1. The proposed lots are entirely consistent with the scale and nature of existing waterfront lots which accommodate waterfront dwellings at Calabash Point. The existing waterfront properties at Calabash Point are proven to be environmentally capable of accommodating environmentally sensitive dwelling house developments.
2. The proposed subdivision and development at the site represents a minor extension of the existing Calabash Point river settlement with the proposed dwelling entitlement for the larger residual proposed Lot 1 confined to the waterfront, preventing any residential development of the bushland ridge area.
3. The proposal will not create a precedent for similar development in the Calabash Point River settlement as the proposed realignment of existing lot boundaries cannot readily be applied to other waterfront land within the E4 Environmental Living zone in this locality.
4. The proposed subdivision and development would maintain the pattern of waterfront low density residential settlement at Calabash Point.
5. The proposal would have limited environmental impacts in the context of the 43.38 hectare site.
In summary, the conclusion of the Clause 4.6 variation is supported in this instance as it is agreed that the proposed subdivision will maintain the 4 dwelling lot entitlement for the site, but will achieve a better environmental outcome in respect to protection of the natural environmental attributes of the bushland ridge and waterfront and achieve consistency with the character and scale of existing waterfront residential development at Calabash Point. Accordingly, the justification within the written request is considered to be well founded.
2.13A.6 Development within the Coastal Zone
The foreshore area of the site is within the coastal zone subject to the provisions under Clause 5.5 of the HLEP.
The proposed subdivision is a boundary adjustment of the existing lots and would provide for future dwelling houses on the waterfront which is permissible development in the subject E4 Environmental Living zone and is subject to the requirements of the Hornsby Development Control Plan 2013 for the river settlements. The character of future development would be consistent the desired outcome for the river settlement at Calabash Point to maintain scenic quality, protect landscape features and be of environmentally sustainable design.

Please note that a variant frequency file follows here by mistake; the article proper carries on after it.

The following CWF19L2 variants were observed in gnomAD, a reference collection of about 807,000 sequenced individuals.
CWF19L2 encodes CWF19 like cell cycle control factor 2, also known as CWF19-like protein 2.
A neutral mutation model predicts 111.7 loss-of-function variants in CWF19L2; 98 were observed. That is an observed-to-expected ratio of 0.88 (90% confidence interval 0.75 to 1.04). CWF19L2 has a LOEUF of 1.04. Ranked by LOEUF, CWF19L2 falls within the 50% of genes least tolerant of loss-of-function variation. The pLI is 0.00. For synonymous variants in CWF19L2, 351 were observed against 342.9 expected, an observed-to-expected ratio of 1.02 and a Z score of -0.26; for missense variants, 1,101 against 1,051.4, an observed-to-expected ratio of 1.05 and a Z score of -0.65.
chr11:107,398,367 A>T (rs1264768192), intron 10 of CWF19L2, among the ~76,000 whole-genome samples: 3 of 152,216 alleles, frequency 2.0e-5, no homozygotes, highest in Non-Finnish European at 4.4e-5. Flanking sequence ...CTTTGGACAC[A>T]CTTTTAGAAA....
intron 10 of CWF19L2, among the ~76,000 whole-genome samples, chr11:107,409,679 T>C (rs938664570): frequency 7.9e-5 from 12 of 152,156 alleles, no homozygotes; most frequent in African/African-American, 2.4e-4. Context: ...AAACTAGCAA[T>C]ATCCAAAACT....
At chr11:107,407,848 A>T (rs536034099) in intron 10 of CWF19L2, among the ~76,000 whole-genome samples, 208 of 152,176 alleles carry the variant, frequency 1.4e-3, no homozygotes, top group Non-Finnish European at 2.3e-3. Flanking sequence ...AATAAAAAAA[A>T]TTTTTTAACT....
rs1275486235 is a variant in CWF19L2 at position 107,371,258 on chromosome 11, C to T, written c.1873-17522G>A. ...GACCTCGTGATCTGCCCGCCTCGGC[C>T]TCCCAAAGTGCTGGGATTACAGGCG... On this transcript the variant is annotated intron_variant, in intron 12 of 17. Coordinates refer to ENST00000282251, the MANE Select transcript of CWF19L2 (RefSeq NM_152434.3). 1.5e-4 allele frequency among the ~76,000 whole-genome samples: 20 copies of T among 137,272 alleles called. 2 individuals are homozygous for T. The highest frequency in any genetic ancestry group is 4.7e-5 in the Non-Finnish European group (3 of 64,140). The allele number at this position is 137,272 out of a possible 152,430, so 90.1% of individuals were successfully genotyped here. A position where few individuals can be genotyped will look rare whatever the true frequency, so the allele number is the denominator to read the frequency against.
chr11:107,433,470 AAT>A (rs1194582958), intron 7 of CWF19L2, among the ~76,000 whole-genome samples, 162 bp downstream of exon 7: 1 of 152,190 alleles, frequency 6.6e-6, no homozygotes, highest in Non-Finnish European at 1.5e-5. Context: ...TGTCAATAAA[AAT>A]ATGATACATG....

The proposed lots are designed with regard to the principles and objectives of the NSW Coastal Zone in being of sufficient size and width to provide for future dwelling houses and for foreshore access and to minimise impacts on the coastal zone in maintaining scenic quality and protecting landscape features. The relevant matters required to be considered under Clause 5.5 in respect to public access, impacts on scenic quality, biodiversity, heritage, marine environment, water quality and cumulative impacts are addressed in the body of the report.
2.13A.7 Heritage Conservation
The HLEP includes provision for consideration of Aboriginal objects in the assessment of development applications in Clause 5.10. In this regard, the applicant submitted an Aboriginal Cultural Heritage Assessment which was considered by the NSW Office of Environment and Heritage pursuant to Section 90 of the National Parks and Wildlife Act 1974. The Office has issued General Terms of Approval for the application.
Refer to discussion in Section 2.5 of the report.
2.13A.8 Terrestrial Biodiversity
The site is mapped for terrestrial biodiversity under the HLEP which includes provision under Clause 6.4 for consideration of the site’s ecology. The mapping includes the area of the proposed lots fronting Calabash Bay.
The applicant submitted a Flora and Fauna Impact Assessment for the proposed waterfront lots. The assessment includes detailed analysis of the ecology of the site in respect to State and Commonwealth legislative requirements and mitigation measures necessary to ameliorate impacts of the proposal. Refer to discussion in Section 2.9, 2.16.1, 2.17 and 3.1.
The provisions under Clause 6.4 have been considered in the assessment and are generally addressed by recommended Conditions Nos. 1, 18 and 19.
2.13A.9 Limited Development on Foreshore Area
Clause 6.5 of the HLEP makes provision for development in the foreshore area. The site however, is not subject to foreshore building line mapping under the HLEP. Notwithstanding, the matters for consideration under Clause 6.5 are generally addressed in the assessment of the application as discussed in Section 2.16.5 of the report.
Following the completion of Report No. PL77/16 a further 30 submissions have been received including a submission from a solicitor on behalf of a residents association ‘Save Calabash Bay’.